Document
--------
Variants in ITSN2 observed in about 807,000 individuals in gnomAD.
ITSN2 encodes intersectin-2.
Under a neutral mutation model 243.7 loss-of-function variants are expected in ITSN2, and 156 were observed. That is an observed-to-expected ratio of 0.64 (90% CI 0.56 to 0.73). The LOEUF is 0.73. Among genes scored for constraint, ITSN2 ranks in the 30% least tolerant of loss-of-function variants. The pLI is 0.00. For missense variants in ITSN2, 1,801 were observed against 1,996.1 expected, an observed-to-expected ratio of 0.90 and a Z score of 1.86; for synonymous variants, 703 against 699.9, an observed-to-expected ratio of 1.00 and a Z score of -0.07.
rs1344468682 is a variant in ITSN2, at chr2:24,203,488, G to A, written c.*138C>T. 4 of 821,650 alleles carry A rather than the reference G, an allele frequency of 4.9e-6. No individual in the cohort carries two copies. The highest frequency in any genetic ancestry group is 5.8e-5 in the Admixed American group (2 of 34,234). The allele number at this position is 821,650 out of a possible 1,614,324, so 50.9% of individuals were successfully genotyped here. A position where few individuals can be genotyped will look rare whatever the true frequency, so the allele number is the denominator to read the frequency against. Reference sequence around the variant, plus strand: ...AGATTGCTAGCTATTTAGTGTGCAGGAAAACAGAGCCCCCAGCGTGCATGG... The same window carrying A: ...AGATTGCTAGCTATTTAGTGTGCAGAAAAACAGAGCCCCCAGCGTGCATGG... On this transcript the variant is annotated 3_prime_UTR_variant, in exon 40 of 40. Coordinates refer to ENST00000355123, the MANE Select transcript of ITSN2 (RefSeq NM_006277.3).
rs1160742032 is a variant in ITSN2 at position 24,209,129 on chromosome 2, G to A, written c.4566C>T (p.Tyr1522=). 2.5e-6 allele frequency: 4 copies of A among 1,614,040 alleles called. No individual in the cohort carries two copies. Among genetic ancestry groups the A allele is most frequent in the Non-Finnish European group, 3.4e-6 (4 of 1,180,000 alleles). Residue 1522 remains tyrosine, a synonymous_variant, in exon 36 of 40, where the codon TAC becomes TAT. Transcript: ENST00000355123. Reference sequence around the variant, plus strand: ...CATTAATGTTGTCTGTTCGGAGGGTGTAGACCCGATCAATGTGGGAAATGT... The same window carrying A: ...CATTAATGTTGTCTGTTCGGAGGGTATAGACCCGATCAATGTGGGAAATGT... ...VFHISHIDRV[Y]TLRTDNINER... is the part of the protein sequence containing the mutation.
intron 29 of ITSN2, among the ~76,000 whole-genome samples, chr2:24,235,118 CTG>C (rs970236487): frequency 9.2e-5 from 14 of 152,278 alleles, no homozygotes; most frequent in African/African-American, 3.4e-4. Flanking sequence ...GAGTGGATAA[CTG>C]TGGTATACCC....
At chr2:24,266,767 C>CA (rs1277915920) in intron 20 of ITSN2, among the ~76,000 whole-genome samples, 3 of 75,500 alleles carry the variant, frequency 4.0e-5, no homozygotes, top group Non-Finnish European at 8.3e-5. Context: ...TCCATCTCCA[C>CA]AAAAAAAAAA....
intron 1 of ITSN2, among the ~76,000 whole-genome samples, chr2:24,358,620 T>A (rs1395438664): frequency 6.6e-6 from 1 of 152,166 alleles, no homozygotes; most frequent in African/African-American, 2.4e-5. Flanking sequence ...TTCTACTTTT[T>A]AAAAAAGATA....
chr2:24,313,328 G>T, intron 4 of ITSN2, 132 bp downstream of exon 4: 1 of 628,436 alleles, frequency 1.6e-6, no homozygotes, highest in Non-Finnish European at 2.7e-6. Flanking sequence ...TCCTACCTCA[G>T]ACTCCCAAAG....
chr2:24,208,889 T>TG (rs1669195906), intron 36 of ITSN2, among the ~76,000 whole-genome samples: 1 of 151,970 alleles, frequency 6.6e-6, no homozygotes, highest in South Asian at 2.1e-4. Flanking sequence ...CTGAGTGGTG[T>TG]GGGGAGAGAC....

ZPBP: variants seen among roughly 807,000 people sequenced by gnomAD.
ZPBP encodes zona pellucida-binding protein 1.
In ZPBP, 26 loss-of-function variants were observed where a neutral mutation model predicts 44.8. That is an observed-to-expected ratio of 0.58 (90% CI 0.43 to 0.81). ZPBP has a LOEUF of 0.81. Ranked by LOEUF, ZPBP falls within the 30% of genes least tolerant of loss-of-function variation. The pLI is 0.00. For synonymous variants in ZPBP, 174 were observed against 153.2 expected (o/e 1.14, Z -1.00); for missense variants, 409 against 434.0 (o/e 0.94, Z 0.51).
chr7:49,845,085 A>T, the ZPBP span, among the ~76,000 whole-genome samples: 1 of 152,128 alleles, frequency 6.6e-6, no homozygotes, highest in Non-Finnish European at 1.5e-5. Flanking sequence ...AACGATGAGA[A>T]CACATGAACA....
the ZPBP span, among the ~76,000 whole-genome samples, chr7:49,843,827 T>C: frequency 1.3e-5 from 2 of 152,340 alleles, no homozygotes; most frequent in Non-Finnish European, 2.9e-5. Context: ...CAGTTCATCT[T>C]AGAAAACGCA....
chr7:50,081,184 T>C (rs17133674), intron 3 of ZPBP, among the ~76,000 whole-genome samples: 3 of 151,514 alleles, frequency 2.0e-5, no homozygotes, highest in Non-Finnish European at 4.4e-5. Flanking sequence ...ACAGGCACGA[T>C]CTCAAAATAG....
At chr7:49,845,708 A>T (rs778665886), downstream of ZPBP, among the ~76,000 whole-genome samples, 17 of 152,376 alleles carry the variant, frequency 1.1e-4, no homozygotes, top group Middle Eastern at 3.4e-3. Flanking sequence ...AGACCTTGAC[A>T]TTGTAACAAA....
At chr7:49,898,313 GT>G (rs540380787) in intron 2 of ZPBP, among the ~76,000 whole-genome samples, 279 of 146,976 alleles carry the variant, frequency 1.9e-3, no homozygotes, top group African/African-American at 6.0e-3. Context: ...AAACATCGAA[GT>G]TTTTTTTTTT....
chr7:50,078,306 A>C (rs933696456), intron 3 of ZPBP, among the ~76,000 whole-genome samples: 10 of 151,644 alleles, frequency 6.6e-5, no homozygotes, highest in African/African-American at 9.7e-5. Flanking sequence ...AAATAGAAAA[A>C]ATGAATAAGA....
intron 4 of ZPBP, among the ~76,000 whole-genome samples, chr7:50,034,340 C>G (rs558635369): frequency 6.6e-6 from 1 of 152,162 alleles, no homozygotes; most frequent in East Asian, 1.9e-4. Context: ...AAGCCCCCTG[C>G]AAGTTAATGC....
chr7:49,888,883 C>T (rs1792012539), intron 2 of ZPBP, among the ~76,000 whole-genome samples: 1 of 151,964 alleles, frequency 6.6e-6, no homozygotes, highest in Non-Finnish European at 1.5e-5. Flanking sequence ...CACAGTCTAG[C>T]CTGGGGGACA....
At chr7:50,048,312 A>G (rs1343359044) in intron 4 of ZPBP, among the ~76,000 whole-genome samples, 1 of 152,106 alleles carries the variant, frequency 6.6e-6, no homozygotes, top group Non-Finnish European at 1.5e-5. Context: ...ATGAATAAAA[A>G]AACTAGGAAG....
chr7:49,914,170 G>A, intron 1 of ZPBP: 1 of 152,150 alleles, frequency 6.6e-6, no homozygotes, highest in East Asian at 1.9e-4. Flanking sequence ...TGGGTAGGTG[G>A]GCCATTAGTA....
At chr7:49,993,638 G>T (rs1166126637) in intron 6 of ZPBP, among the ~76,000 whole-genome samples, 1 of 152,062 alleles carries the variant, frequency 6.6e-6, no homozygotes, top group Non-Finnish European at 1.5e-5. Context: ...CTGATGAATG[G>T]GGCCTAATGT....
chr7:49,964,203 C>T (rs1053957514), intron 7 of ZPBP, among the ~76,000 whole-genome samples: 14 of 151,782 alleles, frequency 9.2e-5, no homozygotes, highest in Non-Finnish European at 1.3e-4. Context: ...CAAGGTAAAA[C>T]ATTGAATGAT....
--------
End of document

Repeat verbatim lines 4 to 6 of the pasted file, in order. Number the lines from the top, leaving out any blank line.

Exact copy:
rs1344468682 is a variant in ITSN2, at chr2:24,203,488, G to A, written c.*138C>T. 4 of 821,650 alleles carry A rather than the reference G, an allele frequency of 4.9e-6. No individual in the cohort carries two copies. The highest frequency in any genetic ancestry group is 5.8e-5 in the Admixed American group (2 of 34,234). The allele number at this position is 821,650 out of a possible 1,614,324, so 50.9% of individuals were successfully genotyped here. A position where few individuals can be genotyped will look rare whatever the true frequency, so the allele number is the denominator to read the frequency against. Reference sequence around the variant, plus strand: ...AGATTGCTAGCTATTTAGTGTGCAGGAAAACAGAGCCCCCAGCGTGCATGG... The same window carrying A: ...AGATTGCTAGCTATTTAGTGTGCAGAAAAACAGAGCCCCCAGCGTGCATGG... On this transcript the variant is annotated 3_prime_UTR_variant, in exon 40 of 40. Coordinates refer to ENST00000355123, the MANE Select transcript of ITSN2 (RefSeq NM_006277.3).
rs1160742032 is a variant in ITSN2 at position 24,209,129 on chromosome 2, G to A, written c.4566C>T (p.Tyr1522=). 2.5e-6 allele frequency: 4 copies of A among 1,614,040 alleles called. No individual in the cohort carries two copies. Among genetic ancestry groups the A allele is most frequent in the Non-Finnish European group, 3.4e-6 (4 of 1,180,000 alleles). Residue 1522 remains tyrosine, a synonymous_variant, in exon 36 of 40, where the codon TAC becomes TAT. Transcript: ENST00000355123. Reference sequence around the variant, plus strand: ...CATTAATGTTGTCTGTTCGGAGGGTGTAGACCCGATCAATGTGGGAAATGT... The same window carrying A: ...CATTAATGTTGTCTGTTCGGAGGGTATAGACCCGATCAATGTGGGAAATGT... ...VFHISHIDRV[Y]TLRTDNINER... is the part of the protein sequence containing the mutation.
intron 29 of ITSN2, among the ~76,000 whole-genome samples, chr2:24,235,118 CTG>C (rs970236487): frequency 9.2e-5 from 14 of 152,278 alleles, no homozygotes; most frequent in African/African-American, 3.4e-4. Flanking sequence ...GAGTGGATAA[CTG>C]TGGTATACCC....